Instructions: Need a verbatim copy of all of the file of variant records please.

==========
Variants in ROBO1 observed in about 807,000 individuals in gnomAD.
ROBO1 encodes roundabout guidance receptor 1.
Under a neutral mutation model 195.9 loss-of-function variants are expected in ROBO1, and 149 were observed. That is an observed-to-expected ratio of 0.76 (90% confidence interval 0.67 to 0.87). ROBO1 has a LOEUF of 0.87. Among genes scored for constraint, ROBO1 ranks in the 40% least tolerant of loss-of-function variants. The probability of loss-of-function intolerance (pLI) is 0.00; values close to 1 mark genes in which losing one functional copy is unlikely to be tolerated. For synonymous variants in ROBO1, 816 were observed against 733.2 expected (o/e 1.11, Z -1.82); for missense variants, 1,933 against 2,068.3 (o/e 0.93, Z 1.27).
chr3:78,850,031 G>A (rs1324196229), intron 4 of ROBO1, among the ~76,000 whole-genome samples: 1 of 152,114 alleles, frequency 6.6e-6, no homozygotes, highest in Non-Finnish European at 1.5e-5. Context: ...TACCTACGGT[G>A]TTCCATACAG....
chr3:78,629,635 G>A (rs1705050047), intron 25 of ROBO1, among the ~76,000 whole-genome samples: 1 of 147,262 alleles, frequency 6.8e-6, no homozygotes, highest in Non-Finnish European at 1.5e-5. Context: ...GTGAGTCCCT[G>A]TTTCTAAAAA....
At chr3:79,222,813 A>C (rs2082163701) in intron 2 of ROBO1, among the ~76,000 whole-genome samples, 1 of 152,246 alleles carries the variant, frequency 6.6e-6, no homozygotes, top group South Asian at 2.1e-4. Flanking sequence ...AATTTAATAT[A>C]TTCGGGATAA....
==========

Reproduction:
Variants in ROBO1 observed in about 807,000 individuals in gnomAD.
ROBO1 encodes roundabout guidance receptor 1.
Under a neutral mutation model 195.9 loss-of-function variants are expected in ROBO1, and 149 were observed. That is an observed-to-expected ratio of 0.76 (90% confidence interval 0.67 to 0.87). ROBO1 has a LOEUF of 0.87. Among genes scored for constraint, ROBO1 ranks in the 40% least tolerant of loss-of-function variants. The probability of loss-of-function intolerance (pLI) is 0.00; values close to 1 mark genes in which losing one functional copy is unlikely to be tolerated. For synonymous variants in ROBO1, 816 were observed against 733.2 expected (o/e 1.11, Z -1.82); for missense variants, 1,933 against 2,068.3 (o/e 0.93, Z 1.27).
chr3:78,850,031 G>A (rs1324196229), intron 4 of ROBO1, among the ~76,000 whole-genome samples: 1 of 152,114 alleles, frequency 6.6e-6, no homozygotes, highest in Non-Finnish European at 1.5e-5. Context: ...TACCTACGGT[G>A]TTCCATACAG....
chr3:78,629,635 G>A (rs1705050047), intron 25 of ROBO1, among the ~76,000 whole-genome samples: 1 of 147,262 alleles, frequency 6.8e-6, no homozygotes, highest in Non-Finnish European at 1.5e-5. Context: ...GTGAGTCCCT[G>A]TTTCTAAAAA....
At chr3:79,222,813 A>C (rs2082163701) in intron 2 of ROBO1, among the ~76,000 whole-genome samples, 1 of 152,246 alleles carries the variant, frequency 6.6e-6, no homozygotes, top group South Asian at 2.1e-4. Flanking sequence ...AATTTAATAT[A>C]TTCGGGATAA....